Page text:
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As President Bola Ahmed Tinubu, settles into the business of overseeing the affairs of Nigeria, there are numerous challenges ahead for him to address.  These challenges range from the huge debt inherited from past administrations to poor infrastructure begging for attention, as well as, insecurity.

Nigeria is the largest economy in Africa and is the continent’s most populous country. With Nigeria’s infrastructure stock currently estimated at thirty-five percent of GDP, the country has significant infrastructure gaps. It is estimated that it will require an investment of about 3 trillion dollars to meet the infrastructure demands of its growing population.

The infrastructure gaps in the country vary from sector to sector. These include inadequate road and rail networks, epileptic power supply which includes generation, transmission and distribution issues, as well as, housing and health challenges, among others.

There is therefore a need to do a review of the state of the country’s infrastructure, with a view to facilitating necessary upgrades for it to compete favorably with other developed and developing nations.

Nigeria needs about 84 billion dollars annually to close its infrastructure gap, but has an annual total government appropriation of about 40 billion dollars and spends over ninety percent of its revenue on debt servicing. This is largely responsible for the inability of government to meet its infrastructure needs. It therefore needs a private sector driven partnership to fund its infrastructure development.

It is on record that past administrations had tried to bridge the infrastructure gap in collaboration with the private sector, but the deficit is yet to be overcome due to years of neglect under the military government.

In a bid to tackle the challenge head on, the immediate past administration of President Buhari adopted the National Infrastructure Master Plan and the National Development Plan, as long and medium-term strategies to bridge the infrastructure gap. It also established the Infrastructure Corporation of Nigeria, a 15 trillion-naira fund, aimed at driving Public-Private Partnership investments in infrastructure in Nigeria.

The government equally showed commitment to rebuilding infrastructure as it allocated 5.96 trillion naira to capital expenditure in the 2022 budget. It also embarked on 11,800 new projects, as well as continued old ones.

These projects involved the construction of new schools, hospitals, roads, bridges, houses, energy, and telecommunication infrastructure, despite the Covid-19 pandemic which came with its attendant challenges.

Fuel subsidy has become a parasite to the Nigerian economy, which the new administration of President Bola Ahmed Tinubu has promised to remove if growth in the economy was to occur. Many believe that its removal may see Nigerians paying more for premium spirit known as petrol, from the present 195-naira pump price. Economists have however posited that removal of the petrol subsidy will help save the country 250- billion naira monthly and three trillion naira annually. This could be ploughed into the provision of more infrastructure for the benefit all.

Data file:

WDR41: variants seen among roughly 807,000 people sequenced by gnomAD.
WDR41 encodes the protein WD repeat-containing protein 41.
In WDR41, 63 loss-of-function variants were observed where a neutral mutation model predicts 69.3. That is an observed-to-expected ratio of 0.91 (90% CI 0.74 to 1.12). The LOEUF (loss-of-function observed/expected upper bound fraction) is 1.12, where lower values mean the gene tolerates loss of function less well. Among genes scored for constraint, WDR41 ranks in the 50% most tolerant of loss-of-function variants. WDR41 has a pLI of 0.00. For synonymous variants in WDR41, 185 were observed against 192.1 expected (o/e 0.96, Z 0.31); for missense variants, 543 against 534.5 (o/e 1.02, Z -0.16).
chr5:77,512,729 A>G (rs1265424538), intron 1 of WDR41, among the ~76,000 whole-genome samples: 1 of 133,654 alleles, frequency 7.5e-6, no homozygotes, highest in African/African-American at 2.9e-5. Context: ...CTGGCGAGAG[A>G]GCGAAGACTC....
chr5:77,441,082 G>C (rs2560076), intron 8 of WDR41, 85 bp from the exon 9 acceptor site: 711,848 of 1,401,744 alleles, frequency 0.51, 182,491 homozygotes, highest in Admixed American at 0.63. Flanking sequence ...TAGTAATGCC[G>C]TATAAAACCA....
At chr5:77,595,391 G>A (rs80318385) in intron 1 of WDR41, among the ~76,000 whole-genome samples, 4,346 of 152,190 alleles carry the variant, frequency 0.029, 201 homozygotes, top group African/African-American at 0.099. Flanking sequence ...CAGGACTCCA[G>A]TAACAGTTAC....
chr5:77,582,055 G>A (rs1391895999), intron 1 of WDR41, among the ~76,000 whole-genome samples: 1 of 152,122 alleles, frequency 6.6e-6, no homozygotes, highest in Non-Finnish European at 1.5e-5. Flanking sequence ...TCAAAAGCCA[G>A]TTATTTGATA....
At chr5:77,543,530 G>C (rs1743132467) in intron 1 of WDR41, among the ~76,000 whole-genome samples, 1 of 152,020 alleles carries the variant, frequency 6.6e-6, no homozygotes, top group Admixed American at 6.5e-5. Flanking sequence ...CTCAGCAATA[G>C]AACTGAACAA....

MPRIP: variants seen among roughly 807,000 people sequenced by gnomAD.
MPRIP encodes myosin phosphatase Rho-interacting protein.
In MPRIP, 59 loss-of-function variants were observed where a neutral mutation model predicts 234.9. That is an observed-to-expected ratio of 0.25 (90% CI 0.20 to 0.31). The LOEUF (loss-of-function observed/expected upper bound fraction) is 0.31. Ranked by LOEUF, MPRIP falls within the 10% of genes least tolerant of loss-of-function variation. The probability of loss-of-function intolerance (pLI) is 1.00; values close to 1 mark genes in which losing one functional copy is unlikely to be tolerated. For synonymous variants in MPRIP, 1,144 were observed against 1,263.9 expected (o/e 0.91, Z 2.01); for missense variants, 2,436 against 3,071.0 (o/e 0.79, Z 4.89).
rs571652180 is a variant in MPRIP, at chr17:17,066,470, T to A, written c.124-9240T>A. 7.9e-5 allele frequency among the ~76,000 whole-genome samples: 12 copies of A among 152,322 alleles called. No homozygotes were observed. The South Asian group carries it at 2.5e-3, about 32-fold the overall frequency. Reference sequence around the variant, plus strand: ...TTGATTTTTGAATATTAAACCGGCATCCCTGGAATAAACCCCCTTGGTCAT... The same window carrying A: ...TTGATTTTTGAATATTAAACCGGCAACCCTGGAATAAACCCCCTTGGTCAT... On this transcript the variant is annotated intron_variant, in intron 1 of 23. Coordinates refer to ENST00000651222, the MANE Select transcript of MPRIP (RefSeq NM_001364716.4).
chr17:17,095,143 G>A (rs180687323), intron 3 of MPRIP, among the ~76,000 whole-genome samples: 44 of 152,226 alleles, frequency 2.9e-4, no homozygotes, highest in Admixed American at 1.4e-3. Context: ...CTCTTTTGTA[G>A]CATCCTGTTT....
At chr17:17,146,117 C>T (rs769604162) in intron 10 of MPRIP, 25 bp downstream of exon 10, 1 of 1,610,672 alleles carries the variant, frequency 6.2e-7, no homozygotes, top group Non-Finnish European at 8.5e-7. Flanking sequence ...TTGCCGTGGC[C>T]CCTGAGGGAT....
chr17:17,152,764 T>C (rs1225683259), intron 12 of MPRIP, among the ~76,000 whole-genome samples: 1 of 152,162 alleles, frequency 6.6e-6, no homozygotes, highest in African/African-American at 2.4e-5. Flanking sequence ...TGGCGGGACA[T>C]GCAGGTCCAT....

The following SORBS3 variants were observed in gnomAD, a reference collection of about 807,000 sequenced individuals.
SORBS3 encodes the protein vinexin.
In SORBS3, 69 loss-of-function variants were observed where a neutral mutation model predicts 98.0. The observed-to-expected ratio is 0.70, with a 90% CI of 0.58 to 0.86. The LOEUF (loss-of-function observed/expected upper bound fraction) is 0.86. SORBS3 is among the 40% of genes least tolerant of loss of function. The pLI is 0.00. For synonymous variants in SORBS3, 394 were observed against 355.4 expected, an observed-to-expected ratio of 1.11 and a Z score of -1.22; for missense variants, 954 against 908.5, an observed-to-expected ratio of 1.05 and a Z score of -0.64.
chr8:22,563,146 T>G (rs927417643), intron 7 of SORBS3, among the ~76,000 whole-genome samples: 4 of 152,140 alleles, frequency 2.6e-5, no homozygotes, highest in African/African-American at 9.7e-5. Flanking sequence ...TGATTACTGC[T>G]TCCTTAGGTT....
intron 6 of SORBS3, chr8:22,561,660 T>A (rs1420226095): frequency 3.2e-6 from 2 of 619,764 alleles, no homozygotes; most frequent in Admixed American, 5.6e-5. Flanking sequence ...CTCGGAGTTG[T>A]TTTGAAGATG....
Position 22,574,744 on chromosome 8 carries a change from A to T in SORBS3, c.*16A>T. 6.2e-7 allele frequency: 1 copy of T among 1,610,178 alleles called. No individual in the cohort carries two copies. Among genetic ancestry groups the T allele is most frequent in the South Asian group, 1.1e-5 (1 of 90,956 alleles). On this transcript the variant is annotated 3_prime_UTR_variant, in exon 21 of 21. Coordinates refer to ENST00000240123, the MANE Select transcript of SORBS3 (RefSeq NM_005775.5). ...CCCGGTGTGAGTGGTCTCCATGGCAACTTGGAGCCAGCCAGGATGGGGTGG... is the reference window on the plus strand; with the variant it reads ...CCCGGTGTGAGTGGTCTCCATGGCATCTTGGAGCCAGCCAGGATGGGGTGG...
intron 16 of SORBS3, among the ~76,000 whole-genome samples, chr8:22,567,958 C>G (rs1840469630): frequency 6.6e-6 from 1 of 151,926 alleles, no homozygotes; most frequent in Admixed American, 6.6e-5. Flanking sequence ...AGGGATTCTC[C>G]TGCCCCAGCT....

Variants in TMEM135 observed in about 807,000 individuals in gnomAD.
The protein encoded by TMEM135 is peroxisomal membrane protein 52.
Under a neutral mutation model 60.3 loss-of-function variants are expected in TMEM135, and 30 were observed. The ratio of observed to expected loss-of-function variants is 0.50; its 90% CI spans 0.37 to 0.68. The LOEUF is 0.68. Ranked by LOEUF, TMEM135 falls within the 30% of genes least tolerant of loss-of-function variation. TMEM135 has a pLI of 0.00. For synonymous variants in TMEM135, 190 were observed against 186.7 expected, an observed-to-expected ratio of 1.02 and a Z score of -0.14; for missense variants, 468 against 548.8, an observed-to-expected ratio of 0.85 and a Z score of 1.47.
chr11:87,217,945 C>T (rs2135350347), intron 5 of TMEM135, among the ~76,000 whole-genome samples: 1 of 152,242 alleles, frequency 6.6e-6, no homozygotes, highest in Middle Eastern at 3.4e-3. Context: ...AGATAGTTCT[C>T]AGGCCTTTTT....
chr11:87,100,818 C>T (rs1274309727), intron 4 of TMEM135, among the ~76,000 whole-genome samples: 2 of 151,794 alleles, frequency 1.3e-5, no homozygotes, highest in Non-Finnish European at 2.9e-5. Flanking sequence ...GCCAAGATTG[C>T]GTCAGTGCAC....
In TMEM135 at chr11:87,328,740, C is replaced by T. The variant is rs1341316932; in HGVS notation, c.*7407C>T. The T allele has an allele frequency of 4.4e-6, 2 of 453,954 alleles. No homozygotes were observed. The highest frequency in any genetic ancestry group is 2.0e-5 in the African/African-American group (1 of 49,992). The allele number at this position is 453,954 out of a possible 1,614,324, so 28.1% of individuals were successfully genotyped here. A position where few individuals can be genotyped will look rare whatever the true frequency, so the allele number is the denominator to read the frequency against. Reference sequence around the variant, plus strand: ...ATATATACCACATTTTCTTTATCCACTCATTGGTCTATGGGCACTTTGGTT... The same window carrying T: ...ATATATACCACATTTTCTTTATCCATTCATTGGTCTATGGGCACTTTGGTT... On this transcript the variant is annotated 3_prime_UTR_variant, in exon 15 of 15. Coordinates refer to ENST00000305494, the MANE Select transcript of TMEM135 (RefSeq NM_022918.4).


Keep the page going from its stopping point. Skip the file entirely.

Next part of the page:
The construction of new and rehabilitation of decaying roads, rails, bridges, airports and ports will facilitate trade and commerce, creating job opportunities and stimulating economic growth.

Perhaps the most important of all infrastructure is power. No wonder the President of the African Development Bank, Akinwumi Adesina once said, “To stay in power, African leaders need to give power. Africa is tired of being in the dark!” Access to electricity is critical for Nigeria’s economic growth and development.

Improved healthcare leads to better national productivity. Nigeria needs more attention to be paid to this area. The then Obasanjo administration launched the National Health Insurance Scheme to subsidize healthcare for all. The scheme involved the construction of several facilities nationwide, which helped improve access to healthcare services. Nevertheless, the challenges Nigerians face today in the health sector have continued to evolve.

Major among them is the massive exodus of qualified doctors and nurses from Nigeria to other countries. Nigeria now trains medical practitioners only to lose them to climes that appear to take workers’ welfare more seriously. In this case, building state-of-the-art health facilities will be useless without the brains to operate them.

Therefore, the new administration must focus on the welfare of health workers as a motivated workforce will do “wonders” for Nigeria’s health sector.

In October 2022, Nigerian Universities resumed after an eight-month strike over poor lecturers’ welfare. Industrial actions are not new. Neither are the catastrophic consequences such standstills inflict on the economy. University workers’ strikes have been a perennial challenge for almost every administration since 1988. The Tinubu administration will therefore need to find a lasting solution to such occurrences. The recurring issues that lead to strikes, which are not new, need to be urgently addressed by the new administration.

Nigeria is a reservoir of successes and challenges. The new government therefore needs to hit the ground running by appointing credible technocrats to handle all the socio economic sectors of the country. Nigerians look forward to seeing changes for the better under the new administration.


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